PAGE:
Beijing

Remembering in December

My wandering field life passed the ten-year mark earlier this year. That’s ten years of finding my way into a new work environment and getting to know new colleagues once a year or so. In a more mundane way, it’s ten years worth of photo files to keep up-to-date and to try to remember to share on my blog. A cousin (thanks, Juliette!) noticed that the entries from my earliest days had lost their photos: mine was a rather early blog, and the ways of uploading photos have changed since then.  (Many of those earliest posts appear frankly so embarrassingly shallow to me now that I’m tempted to simply wave my editorial wand and have done with them…but thus far my sense for historical accuracy is controlling that temptation…) If my continued research succeeds, many of those photos will be directly restored onto the blog as I find their originals in backup hard drives and other obscure locations: ah, new year’s resolutions before the old year has even wrapped up!

In the meantime, I’m uncovering little treasures that never made it up here, while fondly remembering where I’ve been and what I’ve done. I was recently saddened to learn that Nancy Schrom Dye, former president of Oberlin College, had passed this year. During my years of active alumni-association work I greatly appreciated her contributions to my alma mater – so I was proud to join some other colleagues in taking her for an end-of-year meal which, the digital date stamp tells me, occurred in Beijing on December 31, in 2005. Up above are also a few rediscovered December 2005 Beijing-area shots which somehow didn’t get posted at the time. (Posting photos was more challenging in those early days…)

Just below are some previously-unposted 2015 shots: early-morning moonset at my home here in Haiti; me with my brother and a colleague when I gave a talk at Carnegie Mellon University earlier this year; and some shots from the lovely Frick House & museum in Pittsburgh, from the same visit. And since this put me in the mood, I’ve wandered through the many countries & continents, family meals & trips & assignments on four continents that have filled the years between these two sets of photos so very fully. Assembling them’s been fun for me so I hope viewing them is fun for you too :-).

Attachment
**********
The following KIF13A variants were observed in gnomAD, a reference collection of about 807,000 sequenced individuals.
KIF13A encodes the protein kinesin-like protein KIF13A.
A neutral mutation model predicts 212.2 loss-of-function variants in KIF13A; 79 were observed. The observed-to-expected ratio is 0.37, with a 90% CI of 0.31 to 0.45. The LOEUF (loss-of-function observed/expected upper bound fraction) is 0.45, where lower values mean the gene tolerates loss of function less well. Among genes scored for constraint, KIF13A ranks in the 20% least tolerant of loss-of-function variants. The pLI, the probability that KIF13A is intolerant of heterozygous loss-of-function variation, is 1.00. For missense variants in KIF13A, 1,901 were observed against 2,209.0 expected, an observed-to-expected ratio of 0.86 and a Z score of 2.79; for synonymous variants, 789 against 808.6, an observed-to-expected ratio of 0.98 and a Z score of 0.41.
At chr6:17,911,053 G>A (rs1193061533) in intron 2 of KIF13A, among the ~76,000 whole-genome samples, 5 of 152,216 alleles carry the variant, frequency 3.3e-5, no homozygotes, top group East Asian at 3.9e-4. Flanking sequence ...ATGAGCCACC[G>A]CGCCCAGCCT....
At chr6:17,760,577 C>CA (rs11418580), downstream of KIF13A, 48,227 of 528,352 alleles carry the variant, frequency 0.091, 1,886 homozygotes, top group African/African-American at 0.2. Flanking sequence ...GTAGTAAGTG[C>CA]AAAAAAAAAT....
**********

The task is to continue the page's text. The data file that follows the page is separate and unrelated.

This time last year? In December 2014, I returned from Sierra Leone & later went with great friends to enjoy the Ai WeiWei exhibit on Alcatraz Island (more photos from that one in the original post….though that particular set of great friends – you know who you are! – are remarkably camera-resistant):

Where’d I spend 2013? Living in PNG, participating in meetings in Amsterdam & dive trips in Australia, then celebrating the holidays with Steve & Mom in New Zealand:

I began 2012 in the US (where I visited Washington, DC in cherry-blossom season), turned 50 in the company of Howard & Gene at Kakadu National Park in Australia, and finished the year in PNG:

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2011 was mostly Mweso, a little Lamu, a little London and a year-end back home seeing Frank Lloyd Wright homes of Pennsylvania with family:

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2010…wow, what a year. Just seeing all the continents and countries where I spent time (actually meaningful time, with friends and family and work) makes my head spin even now. The photos evoked so much for me that I just couldn’t narrow it down to three or four…so I’m giving you a lot from 2010, a mix of Manipur (start of year) and Mweso (end of year), with a sprinkling of Sweden, Berlin, Paris & California in between:

House, Valley, Hills on Hike - Pre-Monsoon Season

I entered 2009 in Tahiti, yes it’s true: during the year I took off from work to help Mom with her house, I dedicated two months to exploring Australia (and watching the Australian Open!) and New Zealand, flying in via Tahiti with a few nights in Papeete, just because I could. The year ended, of course, in Manipur and included a great trip to see excellent sites of Rajasthan with Howard & Gene: